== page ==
Why would a woman expect a man to “man up” ? Because she, too, has internalized the gender roles that show a ‘man’ to be very certain and specific things in today’s society. (I am unsure how this has to do with agreeing with her all the time, unless of course, this is an unspoken fear that women will do to men what men have done to women for centuries.) Feminism is dead set on questioning these gender roles that say men must do or be certain things to fit a standard of masculinity, and women must do or be certain things to fit a standard of femininity. Yet MRAs hate feminism.
Why would a woman love a man for what he can give her? Because she has internalized the patriarchal myth that she is nothing without a man, and that her value is based on the things he provides for her. Feminism encourages women to find worth in their own selves and provide for themselves, that they may meet men as equals and not as dispensers of financial security. Yet MRAs hate feminism.

Feminists and men's rights activists should be each other's best friends, working in solidarity for a better world where people see each other as humans, and where all people can make choices that best suit them and be free from fear and abuse. Unfortunately, the few times I have made this suggestion to MRAs, I just hear the same old talk about how feminism is the problem, and I have stopped trying. 

Men are not the problem.  The system is the problem.

This is not a zero-sum game. 

If a woman gains a right, it does not mean that a man is having one taken away.

Let us teach our children how to live in a respectful, just, and equal society.

Sunday, February 3, 2013

Translation: Eka by Lakkhichhara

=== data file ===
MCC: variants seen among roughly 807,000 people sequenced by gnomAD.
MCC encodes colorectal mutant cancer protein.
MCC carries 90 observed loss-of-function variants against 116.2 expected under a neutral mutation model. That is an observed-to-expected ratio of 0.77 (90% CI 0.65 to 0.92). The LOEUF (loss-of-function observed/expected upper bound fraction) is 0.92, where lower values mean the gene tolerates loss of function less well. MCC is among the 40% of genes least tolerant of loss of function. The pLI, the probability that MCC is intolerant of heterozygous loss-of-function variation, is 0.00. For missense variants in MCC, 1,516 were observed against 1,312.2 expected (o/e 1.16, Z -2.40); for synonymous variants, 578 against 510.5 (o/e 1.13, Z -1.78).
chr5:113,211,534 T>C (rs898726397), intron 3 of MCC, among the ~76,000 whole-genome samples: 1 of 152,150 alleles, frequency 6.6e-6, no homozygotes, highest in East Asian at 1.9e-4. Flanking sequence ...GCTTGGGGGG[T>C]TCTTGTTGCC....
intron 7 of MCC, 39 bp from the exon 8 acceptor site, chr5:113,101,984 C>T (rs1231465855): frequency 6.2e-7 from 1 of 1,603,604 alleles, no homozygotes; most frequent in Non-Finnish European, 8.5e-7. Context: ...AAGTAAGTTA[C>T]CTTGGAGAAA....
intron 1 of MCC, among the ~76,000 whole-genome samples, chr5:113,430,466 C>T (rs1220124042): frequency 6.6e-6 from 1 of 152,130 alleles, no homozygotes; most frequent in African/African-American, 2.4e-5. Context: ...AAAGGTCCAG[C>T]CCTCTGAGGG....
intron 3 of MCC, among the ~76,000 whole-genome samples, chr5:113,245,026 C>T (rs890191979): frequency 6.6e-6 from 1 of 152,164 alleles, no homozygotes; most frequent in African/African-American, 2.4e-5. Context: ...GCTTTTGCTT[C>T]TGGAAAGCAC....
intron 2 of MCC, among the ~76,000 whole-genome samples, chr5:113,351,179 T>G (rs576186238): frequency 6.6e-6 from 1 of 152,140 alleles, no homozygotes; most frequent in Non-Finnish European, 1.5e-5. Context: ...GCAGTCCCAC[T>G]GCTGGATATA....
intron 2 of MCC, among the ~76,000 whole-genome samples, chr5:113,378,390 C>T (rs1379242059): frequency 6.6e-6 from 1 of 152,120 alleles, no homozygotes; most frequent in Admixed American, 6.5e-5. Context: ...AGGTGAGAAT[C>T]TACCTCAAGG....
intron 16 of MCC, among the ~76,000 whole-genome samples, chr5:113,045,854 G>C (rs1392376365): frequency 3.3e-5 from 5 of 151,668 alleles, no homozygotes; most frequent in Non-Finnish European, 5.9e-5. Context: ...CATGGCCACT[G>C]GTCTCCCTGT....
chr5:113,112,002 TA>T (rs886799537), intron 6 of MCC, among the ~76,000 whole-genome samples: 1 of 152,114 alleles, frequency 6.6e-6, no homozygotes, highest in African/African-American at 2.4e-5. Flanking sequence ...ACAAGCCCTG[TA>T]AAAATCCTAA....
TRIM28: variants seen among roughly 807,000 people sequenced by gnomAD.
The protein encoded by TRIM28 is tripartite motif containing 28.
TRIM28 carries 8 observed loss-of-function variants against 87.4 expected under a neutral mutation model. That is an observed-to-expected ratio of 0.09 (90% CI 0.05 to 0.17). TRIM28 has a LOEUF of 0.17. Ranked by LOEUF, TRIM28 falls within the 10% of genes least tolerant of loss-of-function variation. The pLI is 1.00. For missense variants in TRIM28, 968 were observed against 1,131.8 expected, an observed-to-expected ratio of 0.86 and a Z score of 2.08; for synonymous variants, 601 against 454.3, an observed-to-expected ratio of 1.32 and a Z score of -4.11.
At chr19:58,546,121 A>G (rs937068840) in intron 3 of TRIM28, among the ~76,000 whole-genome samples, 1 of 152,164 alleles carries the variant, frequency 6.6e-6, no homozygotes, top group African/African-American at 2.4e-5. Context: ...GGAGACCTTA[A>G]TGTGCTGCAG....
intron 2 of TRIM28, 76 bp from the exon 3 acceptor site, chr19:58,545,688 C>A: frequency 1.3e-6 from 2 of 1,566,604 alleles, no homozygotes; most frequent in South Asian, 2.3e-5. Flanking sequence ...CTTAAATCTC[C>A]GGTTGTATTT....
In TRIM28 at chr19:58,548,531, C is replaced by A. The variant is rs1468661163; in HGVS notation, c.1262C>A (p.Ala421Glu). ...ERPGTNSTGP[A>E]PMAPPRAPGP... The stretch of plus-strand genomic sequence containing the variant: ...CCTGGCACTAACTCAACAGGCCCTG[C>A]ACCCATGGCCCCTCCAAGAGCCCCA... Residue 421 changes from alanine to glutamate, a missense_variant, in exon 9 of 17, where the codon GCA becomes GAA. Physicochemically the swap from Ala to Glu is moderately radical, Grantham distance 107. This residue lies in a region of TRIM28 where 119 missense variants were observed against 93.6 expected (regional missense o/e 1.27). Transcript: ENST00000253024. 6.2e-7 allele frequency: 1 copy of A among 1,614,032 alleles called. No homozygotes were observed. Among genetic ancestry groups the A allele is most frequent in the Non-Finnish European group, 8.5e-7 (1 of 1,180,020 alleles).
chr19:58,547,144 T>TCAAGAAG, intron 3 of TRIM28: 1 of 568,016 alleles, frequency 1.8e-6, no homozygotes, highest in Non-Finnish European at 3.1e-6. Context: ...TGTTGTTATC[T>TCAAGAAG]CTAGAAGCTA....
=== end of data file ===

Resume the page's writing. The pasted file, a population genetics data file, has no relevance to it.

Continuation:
I have written about this song before (in yet-to-be-published-if-ever vignettes), but now I am translating it to share with you. The guitar tells you everything you need to know though; the translation is simply a bonus.

Thanks to Rakesh S. Tova E., and Supriyo S. for insights :)

Lyrics and Translation:
একা - লক্ষীছাড়া
Eka - Lakkhichhara

Eka eka hoyto gopone
Chupishare boroi anmone
Shunyo haate bhari ondhokar
Alone; perhaps in secret
Noiselessly; indeed unconsciously
With empty hands full of darkness

Charidhare jhapsa mukh koto
Chena kichu ochena hoyto
Eki kotha bole barongbar
So many blurred faces surrounding
Some recognizable, perhaps some unknown
Repeating only one thing, over and over

Bujhina je tar maane
Raat jaane, 'raat jaane'
Kothay, kobe, konkhane? 
I don't know what it means
The night knows
Where, at what time, in what place?

Keno mishe jachche bortoman 
Neme ase somoyer shopan
Shob kichu lagche bemanan
Why is Now becoming dark
As it descends the steps of time
Nothing seems as if it fits

Deke othe raat-jaaga pakhi
Kome ase jiboner goti
E du'haate mukh dheke rakhi.....
The nocturnal bird calls out
As life's pace winds down
I cover my face with these two hands

Amar e dike cheye
E akashe utheche chand
Bonnay aalor bhengechhe baand
In this sky the rising moon shines upon me
And the flood of light breaks through

Chole jae majh raati re
Shanto nodir tire
Hajaro bochor aager 
Sriti ase phire
Midnight retreats to the bank of the peaceful river
Memories of the distant past return